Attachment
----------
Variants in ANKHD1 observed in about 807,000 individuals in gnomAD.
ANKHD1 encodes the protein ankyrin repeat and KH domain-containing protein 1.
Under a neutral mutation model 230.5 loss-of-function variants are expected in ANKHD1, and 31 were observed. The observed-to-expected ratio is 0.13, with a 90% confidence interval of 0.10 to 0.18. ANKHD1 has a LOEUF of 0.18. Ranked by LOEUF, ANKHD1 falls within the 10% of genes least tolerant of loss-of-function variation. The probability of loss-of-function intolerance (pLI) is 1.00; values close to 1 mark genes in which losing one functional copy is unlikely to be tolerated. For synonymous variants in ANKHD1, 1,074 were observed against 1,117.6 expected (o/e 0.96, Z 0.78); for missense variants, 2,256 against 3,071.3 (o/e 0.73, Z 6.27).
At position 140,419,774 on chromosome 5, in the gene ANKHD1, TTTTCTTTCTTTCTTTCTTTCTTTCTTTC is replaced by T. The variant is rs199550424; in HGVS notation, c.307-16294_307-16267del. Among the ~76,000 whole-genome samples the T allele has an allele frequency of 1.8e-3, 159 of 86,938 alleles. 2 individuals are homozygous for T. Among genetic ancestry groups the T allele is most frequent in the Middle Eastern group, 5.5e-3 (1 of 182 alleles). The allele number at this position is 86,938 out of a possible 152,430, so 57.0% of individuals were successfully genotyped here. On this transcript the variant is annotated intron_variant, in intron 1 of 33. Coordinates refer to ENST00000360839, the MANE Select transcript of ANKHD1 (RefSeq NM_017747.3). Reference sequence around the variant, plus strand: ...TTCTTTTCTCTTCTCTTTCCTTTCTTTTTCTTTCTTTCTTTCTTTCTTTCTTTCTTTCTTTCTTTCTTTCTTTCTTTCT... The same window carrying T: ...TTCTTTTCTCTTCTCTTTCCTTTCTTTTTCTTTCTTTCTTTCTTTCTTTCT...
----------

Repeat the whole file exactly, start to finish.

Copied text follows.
Variants in ANKHD1 observed in about 807,000 individuals in gnomAD.
ANKHD1 encodes the protein ankyrin repeat and KH domain-containing protein 1.
Under a neutral mutation model 230.5 loss-of-function variants are expected in ANKHD1, and 31 were observed. The observed-to-expected ratio is 0.13, with a 90% confidence interval of 0.10 to 0.18. ANKHD1 has a LOEUF of 0.18. Ranked by LOEUF, ANKHD1 falls within the 10% of genes least tolerant of loss-of-function variation. The probability of loss-of-function intolerance (pLI) is 1.00; values close to 1 mark genes in which losing one functional copy is unlikely to be tolerated. For synonymous variants in ANKHD1, 1,074 were observed against 1,117.6 expected (o/e 0.96, Z 0.78); for missense variants, 2,256 against 3,071.3 (o/e 0.73, Z 6.27).
At position 140,419,774 on chromosome 5, in the gene ANKHD1, TTTTCTTTCTTTCTTTCTTTCTTTCTTTC is replaced by T. The variant is rs199550424; in HGVS notation, c.307-16294_307-16267del. Among the ~76,000 whole-genome samples the T allele has an allele frequency of 1.8e-3, 159 of 86,938 alleles. 2 individuals are homozygous for T. Among genetic ancestry groups the T allele is most frequent in the Middle Eastern group, 5.5e-3 (1 of 182 alleles). The allele number at this position is 86,938 out of a possible 152,430, so 57.0% of individuals were successfully genotyped here. On this transcript the variant is annotated intron_variant, in intron 1 of 33. Coordinates refer to ENST00000360839, the MANE Select transcript of ANKHD1 (RefSeq NM_017747.3). Reference sequence around the variant, plus strand: ...TTCTTTTCTCTTCTCTTTCCTTTCTTTTTCTTTCTTTCTTTCTTTCTTTCTTTCTTTCTTTCTTTCTTTCTTTCTTTCT... The same window carrying T: ...TTCTTTTCTCTTCTCTTTCCTTTCTTTTTCTTTCTTTCTTTCTTTCTTTCT...